Disciplines and Interdisciplinarity in Foreign Language Studies

By Hans Lauge Hansen | Go to book overview

Studies of postcolonialism
and the Latin American tradition:
National Identities and Indigenous struggles

by Anne Marie Jeppesen & Ken Henriksen


Introduction

Since the 1980s the area known as Postcolonial Studies has gained in prominence and has now become a challenge to important fields within the social sciences and the humanities1. Significant new insights have emerged from the postcolonial critique of former studies of the impact of colonialism, as well as of history writing, cultural studies, and studies of gender and ethnicity. It has brought clarification of the cultural embeddedness of the ideas applied in research and the consequences of the cultural blindness pervading many concepts and studies. Furthermore, it has also suggested new ways of conducting research and of examining the relationship between empirical studies and theory.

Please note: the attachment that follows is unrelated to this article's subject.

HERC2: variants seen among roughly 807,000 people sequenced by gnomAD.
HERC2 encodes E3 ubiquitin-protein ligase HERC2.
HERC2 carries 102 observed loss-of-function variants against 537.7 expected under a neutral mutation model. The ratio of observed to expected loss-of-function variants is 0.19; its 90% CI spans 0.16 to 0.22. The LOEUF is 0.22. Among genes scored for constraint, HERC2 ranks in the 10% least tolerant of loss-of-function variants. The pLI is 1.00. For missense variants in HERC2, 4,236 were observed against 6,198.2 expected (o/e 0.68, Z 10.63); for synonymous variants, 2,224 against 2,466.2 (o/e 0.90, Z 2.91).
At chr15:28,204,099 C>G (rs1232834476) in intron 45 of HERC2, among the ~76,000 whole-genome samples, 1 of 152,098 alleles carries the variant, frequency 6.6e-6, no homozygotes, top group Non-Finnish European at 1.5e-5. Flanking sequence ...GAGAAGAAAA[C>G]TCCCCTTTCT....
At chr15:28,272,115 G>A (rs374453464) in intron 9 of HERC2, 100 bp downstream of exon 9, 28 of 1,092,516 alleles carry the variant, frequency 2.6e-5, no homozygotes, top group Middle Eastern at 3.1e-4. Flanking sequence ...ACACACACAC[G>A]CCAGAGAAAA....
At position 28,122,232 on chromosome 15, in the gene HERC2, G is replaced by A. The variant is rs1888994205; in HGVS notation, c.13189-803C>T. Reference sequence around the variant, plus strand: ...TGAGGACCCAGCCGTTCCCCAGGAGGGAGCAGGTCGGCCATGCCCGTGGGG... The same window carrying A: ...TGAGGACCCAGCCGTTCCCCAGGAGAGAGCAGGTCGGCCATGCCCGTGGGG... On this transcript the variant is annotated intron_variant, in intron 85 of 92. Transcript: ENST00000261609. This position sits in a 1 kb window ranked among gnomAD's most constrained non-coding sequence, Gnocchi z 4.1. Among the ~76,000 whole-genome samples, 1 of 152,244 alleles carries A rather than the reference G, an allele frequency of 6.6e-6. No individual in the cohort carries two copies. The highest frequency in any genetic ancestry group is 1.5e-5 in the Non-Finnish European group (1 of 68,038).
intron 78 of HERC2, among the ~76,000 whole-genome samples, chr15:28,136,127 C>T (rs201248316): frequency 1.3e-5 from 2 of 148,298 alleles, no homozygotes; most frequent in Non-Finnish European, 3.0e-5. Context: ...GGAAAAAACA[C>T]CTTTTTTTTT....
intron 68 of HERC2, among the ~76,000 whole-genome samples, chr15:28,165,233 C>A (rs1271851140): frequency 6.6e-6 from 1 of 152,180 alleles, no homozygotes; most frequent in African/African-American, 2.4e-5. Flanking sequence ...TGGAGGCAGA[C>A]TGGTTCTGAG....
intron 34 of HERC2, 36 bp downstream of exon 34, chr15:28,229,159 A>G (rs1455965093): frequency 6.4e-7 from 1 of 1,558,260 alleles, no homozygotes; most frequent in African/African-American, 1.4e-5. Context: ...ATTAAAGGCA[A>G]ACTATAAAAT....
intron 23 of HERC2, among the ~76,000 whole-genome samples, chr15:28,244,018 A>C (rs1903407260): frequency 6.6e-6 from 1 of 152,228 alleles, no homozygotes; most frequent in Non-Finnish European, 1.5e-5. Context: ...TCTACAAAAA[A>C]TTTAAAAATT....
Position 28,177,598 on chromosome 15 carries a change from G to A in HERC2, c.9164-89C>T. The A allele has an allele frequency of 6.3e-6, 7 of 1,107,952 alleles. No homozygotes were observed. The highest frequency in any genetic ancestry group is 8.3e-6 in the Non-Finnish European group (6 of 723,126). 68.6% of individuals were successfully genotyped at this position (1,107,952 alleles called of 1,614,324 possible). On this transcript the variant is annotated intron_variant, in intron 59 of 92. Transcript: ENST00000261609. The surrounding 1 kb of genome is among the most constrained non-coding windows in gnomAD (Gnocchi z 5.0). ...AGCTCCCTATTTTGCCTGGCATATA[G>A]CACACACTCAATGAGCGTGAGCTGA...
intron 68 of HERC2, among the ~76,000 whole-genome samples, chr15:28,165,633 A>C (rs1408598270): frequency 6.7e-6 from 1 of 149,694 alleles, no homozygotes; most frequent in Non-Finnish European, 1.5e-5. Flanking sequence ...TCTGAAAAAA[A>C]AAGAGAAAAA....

Although broad in scope, postcolonial studies have almost exclusively been limited to the former British colonies in Africa and Asia. Surprisingly, works on the former French and Portuguese colonies have only recently started to appear, and studies on the American continent (both North and South) have until now been rare2.

Since the late 1970s discourses of indigenous identities and rights have become increasingly salient throughout Latin America. But although there have been many successful struggles, and rights and entitlements have been formally recognized, the politics of indigenousness seems not to have

1 The first contribution within this field is considered to be E. Said's Orientalism,
from 1978.

2 One contribution to Latin American postcolonial studies is El debate de la
postcolonialidad en Latinoamérica,
edited by Alfonso and Fernando de Toro
(1999, Frankfurt Am Main).

-211-

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